Rise of the Tomb Raider

FBT and the Last Crusade

After the TR reboot, I approached this sequel much the same way Lara behaved in the first one; I cried and blamed everyone else. I didn’t want to do this. Afterwards I cried because I should have just ignored the first and played this; this is how you reboot.

Lara’s late father had become obsessed with the supernatural and legends, eventually amassing a kind of archaeologist’s x-files. Discredited, he took his own life. Lara, totally not ripping off Indy and the Last Crusade, is determined to prove her father right and goes looking for ‘the source’, which grants immortality, and catches the attention of Trinity; once a religious sect committed to wiping out heresy, they’re now a paramilitary force looking to use artefacts to further their cause - not at all like the Nazis’ in Last Crusade; there’s even an icy double-crossing blonde. You call this Archaeology?

Following clues to Siberia, Lara discovers a hidden civilisation, the Remnant, who have been keeping the source a secret from the outside world for hundreds of years; unfortunately, Trinity followed her, so it’s a race to find the source before they do.

This time around, instead of dealing with her self-doubt we’re exploring Lara’s daddy issues. Besides constantly banging on about dad, there’s the leader of Remnant, Jacob, who seems to bring out the girlie in our little Tomb Raider; they grown up so fast. She’s constantly fangirling over him, looking up with big eyes and hanging on his every word. Whereas in the first game she was all woe is me, this time it’s ‘dear diary, Jacob said hello to me today, I literally died OMG’. Still, she’s as blameless as ever.

After Trinity decimate a Remnant camp she says “People are suffering because of my actions. It’s happening again. No, I can’t think like that.” Yes, yes you can. The Remnant were happily sealed off for decades before you came along. While she does occasionally squeeze out a few tears, Lara is surprisingly well-adjusted and up for the fight this time around, even though I think she’s just doing it to impress Jacob. And the game doesn’t hate her either, unlike TR.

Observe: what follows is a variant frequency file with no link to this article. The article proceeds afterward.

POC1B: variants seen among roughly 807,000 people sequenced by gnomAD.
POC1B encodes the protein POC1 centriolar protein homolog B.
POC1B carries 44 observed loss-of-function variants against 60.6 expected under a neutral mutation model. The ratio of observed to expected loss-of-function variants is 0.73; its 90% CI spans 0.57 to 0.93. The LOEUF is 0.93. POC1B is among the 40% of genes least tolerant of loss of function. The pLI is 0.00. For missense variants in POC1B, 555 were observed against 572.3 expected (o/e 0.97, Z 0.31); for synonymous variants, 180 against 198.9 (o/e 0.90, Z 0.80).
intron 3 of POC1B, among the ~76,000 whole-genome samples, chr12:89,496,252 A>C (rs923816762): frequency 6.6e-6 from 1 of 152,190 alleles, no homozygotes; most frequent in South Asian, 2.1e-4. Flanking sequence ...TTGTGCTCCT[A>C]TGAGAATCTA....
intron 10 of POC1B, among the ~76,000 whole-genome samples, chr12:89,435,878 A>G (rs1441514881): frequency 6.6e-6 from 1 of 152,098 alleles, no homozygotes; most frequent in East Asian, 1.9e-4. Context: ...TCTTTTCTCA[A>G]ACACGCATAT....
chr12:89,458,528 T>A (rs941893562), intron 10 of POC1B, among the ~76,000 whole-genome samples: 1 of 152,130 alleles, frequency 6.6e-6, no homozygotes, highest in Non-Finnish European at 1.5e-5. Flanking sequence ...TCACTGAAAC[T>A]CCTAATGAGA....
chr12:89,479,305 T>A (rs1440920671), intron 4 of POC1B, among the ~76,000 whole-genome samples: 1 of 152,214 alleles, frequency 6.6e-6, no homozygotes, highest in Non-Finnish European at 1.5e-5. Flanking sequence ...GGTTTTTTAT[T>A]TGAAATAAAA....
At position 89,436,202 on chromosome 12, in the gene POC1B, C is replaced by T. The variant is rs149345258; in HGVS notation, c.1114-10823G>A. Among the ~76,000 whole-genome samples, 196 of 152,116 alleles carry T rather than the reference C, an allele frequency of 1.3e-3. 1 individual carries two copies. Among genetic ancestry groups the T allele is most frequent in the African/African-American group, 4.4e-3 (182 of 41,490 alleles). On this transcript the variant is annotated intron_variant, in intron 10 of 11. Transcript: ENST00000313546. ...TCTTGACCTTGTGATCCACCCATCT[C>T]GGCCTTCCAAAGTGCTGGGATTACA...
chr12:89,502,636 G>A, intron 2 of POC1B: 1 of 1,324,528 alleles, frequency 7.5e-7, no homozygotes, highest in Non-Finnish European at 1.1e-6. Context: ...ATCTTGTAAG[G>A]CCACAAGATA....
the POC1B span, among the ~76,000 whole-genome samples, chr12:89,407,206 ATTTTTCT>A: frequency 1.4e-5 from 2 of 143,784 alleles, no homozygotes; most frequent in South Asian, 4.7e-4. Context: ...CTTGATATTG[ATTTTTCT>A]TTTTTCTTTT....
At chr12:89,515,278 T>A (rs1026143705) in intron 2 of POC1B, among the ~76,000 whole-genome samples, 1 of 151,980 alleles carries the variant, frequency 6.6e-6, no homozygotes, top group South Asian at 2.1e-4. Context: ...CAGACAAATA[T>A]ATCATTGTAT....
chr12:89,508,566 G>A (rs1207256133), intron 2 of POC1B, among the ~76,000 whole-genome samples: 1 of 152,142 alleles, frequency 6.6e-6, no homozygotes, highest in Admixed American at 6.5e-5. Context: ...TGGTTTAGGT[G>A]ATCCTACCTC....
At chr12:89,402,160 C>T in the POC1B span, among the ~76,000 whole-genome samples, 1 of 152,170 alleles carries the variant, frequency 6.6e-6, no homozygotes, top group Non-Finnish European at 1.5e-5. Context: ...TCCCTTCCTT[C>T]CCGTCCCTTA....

There’s no rape-attack and few masochistic death scenes. This time if Lara mucks up she usually just dies rather than get mangled for us to enjoy like a Hostel movie. This is a solid adventure story not some grimy exploitation flick. If the first game's Lara was I Spit On Your Grave's Jennifer Hills, this is Ellen Ripley, Sarah Conner; strong and capable but human all the same. Now her yells and screams are of determination not panic or fear, she’s a lot more naturally intuitive and proactive; our behaviour is still a little at odds with the ‘what a terrible turn of events’ Dora the Explorer cut-scenes, but not as obvious as TR.

It could be argued RoTR a bit more generic too. It’s more obviously aping other typical open-world shooters; Assassin’s Creed, Far Cry, even Arkham City. Lara is equal to the threats she faces, and often has the upper-hand; she’ll scoot around, hide in bushes, jury-rig Molotovs or smoke grenades, and a nice touch is using Trinity soldier’s CB radios to draw them in – which can be upgraded to a proximity mine; Lara is totally over feeling bad for killing and the game gives you lots of ways to do so. It doesn’t have quite the same level of bombastic moments or desperation, but it’s a more intense, up close game, relying on her honed skills not her ability to withstand being skewered.

There’s even a shop of sorts where you can trade coins you find to buy upgrades – which is actually a bit of an annoyance. She’ll ignore piles of gold but stumble around maps digging up old coins for trading. Why aren’t the Remnant giving her those upgrades, she’s helping. Sort of. And what are they going to spend them on? They’re cut off, not even Amazon Prime can get in here. It would be better to unlock those upgrades via side missions.

We do get some XP-worthy distractions like ‘cut down all those flags’ and actual side-quests like taking out Trinity drones or help sure-up defences for example, although they do occasionally grate; I ignore an impending Trinity invasion to help round up some chickens, and the fast-travel option often undermines the forward-push plot; at one point I’m to clear a path for some prisoners including a critically injured friend; but I pop off to finish burning down Soviet propaganda first - I’ll be back to save you later.

Still, a lot of the fun and exploration you derive from RotTR is because the narrative, while epic isn’t as life-or-death this time. Lara is dedicated to reclaiming her dad’s legacy, but while she and Trinity are equally matched they're also equally stuck here, so it’s a stalemate until you change things, and that lets you actually be a Tomb Raider.